Evan Gershkovich’s Story

Foreign Policy Brief #136 | By: Yelena Korshunov | April 17, 2024
Featured Photo: www.cbc.ca

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On March 29th, The Wall Street Journal came out with a blank white page where there was supposed to be an article by Evan Gershkovich, an American journalist imprisoned in Russia on accusations of espionage. Gershkovich became the first Western journalist charged with espionage since the end of the Cold War. The White House condemned his arrest, and the WSJ (Wall Street Journal) categorically denied the accusation, while multiple world and Russian journalists demanded his immediate release.

Evan Gershkovich moved to Russia at the end of 2017, having previously worked for almost two years at The New York Times. He was a journalist for The Moscow Times and worked for Agence France-Presse. In January 2022 he started working at The WSJ. After Russia’s attack on Ukraine on February 24, 2022, he moved to London, but often returned to Russia for journalist reports. On March 29, he was detained during his work trip in Russia, in the city of Yekaterinburg. The next day the Lefortovo Court of Moscow arrested the American journalist for two months on charges of espionage, sending him to a pre-trial detention center. Since then, his holding period has been regularly extended, and nothing has moved on the merits of the case.

Evan’s parents, Ella Millman and Mikhail Gershkovich, say that they and Evan write to each other every week. He plays chess in letters with his father, and on March 8th had even managed to deliver flowers to his mother and sister. Evan shares a cell measuring 3 by 4 meters (9.8 x 13 ft.) with another prisoner. His parents describe the cell as “a very small, very isolated room with a small window.”  “We know that it takes a lot of courage and effort to stay focused, exercise, meditate, read books, write letters and inspire us to hope for the best,” Evan’s father shared with the press. Gershkovich’s close friend Peter Sauer, a correspondent for The Guardian, assures that Evan tries to keep himself occupied throughout the day and maintain a routine. “He reads, writes, and exercises, so by the end of the day he feels like he’s had a productive day,” says Sauer. According to him, in the letters he still sees “the same Evan – full of humor and curiosity.” Evan’s friend Polina Evanova, a correspondent for the Financial Times, says that the re-election of Vladimir Putin as president was “a tragedy for him”.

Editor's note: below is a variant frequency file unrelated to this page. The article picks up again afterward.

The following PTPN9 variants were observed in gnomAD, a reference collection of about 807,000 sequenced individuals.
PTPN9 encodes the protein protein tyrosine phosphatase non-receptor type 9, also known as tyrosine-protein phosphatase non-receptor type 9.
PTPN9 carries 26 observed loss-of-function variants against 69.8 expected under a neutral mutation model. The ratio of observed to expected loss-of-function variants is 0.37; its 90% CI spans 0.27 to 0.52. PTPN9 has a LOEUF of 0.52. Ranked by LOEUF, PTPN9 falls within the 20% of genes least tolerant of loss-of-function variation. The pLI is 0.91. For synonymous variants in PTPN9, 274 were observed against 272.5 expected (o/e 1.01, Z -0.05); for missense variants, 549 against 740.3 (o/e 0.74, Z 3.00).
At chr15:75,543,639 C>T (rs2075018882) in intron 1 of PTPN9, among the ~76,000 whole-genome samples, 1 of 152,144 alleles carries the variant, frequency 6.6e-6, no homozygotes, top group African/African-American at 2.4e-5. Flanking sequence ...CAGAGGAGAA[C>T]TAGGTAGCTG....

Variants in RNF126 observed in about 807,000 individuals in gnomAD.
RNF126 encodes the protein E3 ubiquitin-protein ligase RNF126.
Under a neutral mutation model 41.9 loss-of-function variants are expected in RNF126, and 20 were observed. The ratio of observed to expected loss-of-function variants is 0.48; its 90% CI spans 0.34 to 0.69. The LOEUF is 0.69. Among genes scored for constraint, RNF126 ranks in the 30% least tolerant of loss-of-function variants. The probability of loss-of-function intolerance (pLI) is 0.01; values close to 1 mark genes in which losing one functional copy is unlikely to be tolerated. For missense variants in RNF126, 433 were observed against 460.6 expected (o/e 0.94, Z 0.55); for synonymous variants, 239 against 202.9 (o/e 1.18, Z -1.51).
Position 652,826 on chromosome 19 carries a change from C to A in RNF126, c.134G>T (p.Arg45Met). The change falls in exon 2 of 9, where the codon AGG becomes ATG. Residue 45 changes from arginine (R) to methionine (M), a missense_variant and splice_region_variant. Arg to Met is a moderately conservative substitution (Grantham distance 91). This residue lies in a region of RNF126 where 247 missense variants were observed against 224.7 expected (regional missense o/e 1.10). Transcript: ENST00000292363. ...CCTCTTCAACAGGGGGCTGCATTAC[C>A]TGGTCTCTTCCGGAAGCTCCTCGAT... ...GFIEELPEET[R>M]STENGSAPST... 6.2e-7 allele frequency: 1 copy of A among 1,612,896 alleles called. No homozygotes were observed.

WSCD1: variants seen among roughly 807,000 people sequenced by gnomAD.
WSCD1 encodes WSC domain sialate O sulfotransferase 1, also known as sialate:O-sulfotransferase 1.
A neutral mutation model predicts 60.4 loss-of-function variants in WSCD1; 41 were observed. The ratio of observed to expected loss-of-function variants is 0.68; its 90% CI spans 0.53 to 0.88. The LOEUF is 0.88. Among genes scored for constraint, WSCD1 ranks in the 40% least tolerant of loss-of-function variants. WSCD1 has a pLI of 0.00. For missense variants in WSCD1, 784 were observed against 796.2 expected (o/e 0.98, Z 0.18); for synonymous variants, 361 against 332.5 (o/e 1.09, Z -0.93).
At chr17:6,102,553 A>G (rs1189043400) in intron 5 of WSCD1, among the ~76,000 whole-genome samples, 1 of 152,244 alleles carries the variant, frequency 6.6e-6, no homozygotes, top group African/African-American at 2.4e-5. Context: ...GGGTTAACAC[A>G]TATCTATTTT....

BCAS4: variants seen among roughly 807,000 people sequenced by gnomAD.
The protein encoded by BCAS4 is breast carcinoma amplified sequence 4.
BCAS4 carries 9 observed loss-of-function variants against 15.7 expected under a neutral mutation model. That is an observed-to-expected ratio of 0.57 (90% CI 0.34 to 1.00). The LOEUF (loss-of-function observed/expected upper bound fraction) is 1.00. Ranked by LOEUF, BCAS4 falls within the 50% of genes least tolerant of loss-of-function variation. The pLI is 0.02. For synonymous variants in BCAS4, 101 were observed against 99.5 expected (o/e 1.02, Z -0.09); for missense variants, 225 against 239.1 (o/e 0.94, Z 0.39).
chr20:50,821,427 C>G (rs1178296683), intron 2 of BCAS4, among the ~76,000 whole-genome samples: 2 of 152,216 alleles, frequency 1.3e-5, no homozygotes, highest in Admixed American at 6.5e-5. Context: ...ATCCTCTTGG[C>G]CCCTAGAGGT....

After Gershkovich’s arrest, the WSJ wrote that Russia’s president Putin “strongly hinted” that he was open to offers to exchange the journalist. However, there are no Russian prisoners in American jails on similar charges. In early February 2024, a former Fox News host, Tucker Carlson arrived in Moscow to interview Vladimir Putin. According to the WSJ, Carlson told the Russian president’s aides that he plans to “pressure” Putin to release Gershkovich “here and now.” According to Carlson himself, an official close to Putin called it “a great idea” that “could provoke a positive response.” In the interview with Putin, Carlson several times asked him about the fate of Gershkovich. The Russia’s president did not give a direct answer, but said that he “does not exclude” Gershkovich’s return home”, and then spoke about “a man who is serving a sentence in a country allied with the United States” and who “for patriotic reasons eliminated a bandit in one of the European capitals” referring to alleged former FSB officer Vadim Krasikov.

Krasikov was sentenced to life in prison and is serving his sentence in Germany. WSJ and several other Western publications have found that Germany and the United States have begun to discuss the possibility of a deal in which Berlin could give up Krasikov in exchange for Alexei Navalny, Evan Gershkovich, and former US Marine Paul Whelan, who is also accused of espionage and has already been sentenced by a Russian court to 16 years in a penal colony where prisoners are kept in hard conditions combining both penal detention and compulsory work. Vladimir Putin’s press secretary Dmitry Peskov then said that on prisoner exchange cases between Russia and the United States, certain progress is being made but it must “be carried out in absolute silence.” Peskov ignored a question about the date of Gershkovich’s trial.

On the anniversary of the detention of Evan Gershkovich in Russia, President Joe Biden promised to continue working towards his return home. In a statement posted on the White House website, Biden said that “journalism is not a crime, and Evan traveled to Russia, doing his job as a reporter and risking his safety to shine a light on the truth about Russia’s brutal aggression against Ukraine.” The president also promised that the United States will continue to condemn Russia’s “horrific attempts to use Americans as bargaining chips.” According to Biden, Washington will continue to respond to these Russian actions. He added that “we will vigorously oppose anyone who attacks the press and harasses journalists. Speaking about Gershkovich and Whelan, more akin to hostages than prisoners, Biden promised that the United States “will not stop working to bring them home.”

Russia’s famous writer Fyodor Dostoyevsky once wrote, “To live without hope is to cease to live.”  With many others, I hope that one day we will bring them home.

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